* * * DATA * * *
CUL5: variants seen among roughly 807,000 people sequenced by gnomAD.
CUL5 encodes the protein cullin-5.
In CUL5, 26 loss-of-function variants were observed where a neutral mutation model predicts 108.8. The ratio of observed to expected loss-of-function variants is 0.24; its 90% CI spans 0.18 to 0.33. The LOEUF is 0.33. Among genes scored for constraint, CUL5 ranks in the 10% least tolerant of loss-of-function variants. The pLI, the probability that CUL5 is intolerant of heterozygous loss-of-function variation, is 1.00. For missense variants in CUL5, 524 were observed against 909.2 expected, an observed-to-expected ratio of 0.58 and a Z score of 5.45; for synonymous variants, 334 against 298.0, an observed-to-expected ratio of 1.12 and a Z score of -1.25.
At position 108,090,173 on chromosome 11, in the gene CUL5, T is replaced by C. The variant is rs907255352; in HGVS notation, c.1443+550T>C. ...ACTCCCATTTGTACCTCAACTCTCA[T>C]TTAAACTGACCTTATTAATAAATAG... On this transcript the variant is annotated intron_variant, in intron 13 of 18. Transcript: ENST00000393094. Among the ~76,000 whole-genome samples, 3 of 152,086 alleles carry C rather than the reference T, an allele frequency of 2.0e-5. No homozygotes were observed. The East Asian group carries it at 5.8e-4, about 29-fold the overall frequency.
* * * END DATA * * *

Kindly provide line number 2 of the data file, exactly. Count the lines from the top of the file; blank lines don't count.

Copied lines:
CUL5 encodes the protein cullin-5.